Smirke, Sir Robert

Smirke, Sir Robert,

1781–1867, English architect, one of the most noted exponents of the classic revivalclassic revival,
widely diffused phase of taste (known as neoclassic) which influenced architecture and the arts in Europe and the United States during the last years of the 18th and the first half of the 19th cent.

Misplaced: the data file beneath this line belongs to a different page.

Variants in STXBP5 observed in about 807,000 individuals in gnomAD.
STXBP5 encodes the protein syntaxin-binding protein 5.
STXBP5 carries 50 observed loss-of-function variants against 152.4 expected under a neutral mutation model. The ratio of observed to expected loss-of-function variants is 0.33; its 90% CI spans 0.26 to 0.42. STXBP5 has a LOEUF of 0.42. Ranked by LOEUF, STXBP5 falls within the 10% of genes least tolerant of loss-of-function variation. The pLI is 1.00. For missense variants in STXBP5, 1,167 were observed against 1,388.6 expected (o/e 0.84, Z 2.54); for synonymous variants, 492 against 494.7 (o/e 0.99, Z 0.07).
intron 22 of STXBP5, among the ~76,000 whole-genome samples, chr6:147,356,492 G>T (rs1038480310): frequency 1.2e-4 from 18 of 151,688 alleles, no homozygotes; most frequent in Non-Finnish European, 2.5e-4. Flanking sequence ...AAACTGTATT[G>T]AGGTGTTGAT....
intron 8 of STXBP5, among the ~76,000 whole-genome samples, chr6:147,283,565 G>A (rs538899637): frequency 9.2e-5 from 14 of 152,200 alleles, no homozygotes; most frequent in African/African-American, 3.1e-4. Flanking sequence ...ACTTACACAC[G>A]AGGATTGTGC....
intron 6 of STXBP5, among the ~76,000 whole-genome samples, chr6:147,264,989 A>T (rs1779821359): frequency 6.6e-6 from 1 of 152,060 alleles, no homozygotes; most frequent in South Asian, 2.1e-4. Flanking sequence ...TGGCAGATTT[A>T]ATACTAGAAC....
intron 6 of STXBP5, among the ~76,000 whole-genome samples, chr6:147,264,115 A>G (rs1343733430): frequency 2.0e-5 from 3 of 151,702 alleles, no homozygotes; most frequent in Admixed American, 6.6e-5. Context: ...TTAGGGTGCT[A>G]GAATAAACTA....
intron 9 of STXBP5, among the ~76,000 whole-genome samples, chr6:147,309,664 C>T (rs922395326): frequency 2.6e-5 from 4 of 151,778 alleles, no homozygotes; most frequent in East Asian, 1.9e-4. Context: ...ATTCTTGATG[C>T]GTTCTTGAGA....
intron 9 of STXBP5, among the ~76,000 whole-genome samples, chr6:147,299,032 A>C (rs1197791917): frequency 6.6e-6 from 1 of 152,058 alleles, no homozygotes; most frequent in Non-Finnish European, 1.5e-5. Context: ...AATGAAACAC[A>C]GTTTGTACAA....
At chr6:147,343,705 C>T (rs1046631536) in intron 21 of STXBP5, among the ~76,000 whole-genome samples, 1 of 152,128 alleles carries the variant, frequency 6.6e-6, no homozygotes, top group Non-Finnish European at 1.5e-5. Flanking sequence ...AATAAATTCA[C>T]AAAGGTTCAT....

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. His best-known design is the main facade of the British Museum (1823–47). Other buildings in London are the General Post Office and the Royal College of Physicians. Smirke's influence resulted in a more accurate interpretation of Greek forms in the English work of the time. Upon his retirement (1847), his brother, Sydney Smirke, 1798–1877, took up the work at the British Museum, where he erected the western side of the quadrangle and the new reading room (1854–57). In 1857 he rebuilt the Carlton Club, London, on a design adopted from the Library of St. Mark's at Venice; he also built the exhibition galleries for the Royal Academy at Burlington House (1866).
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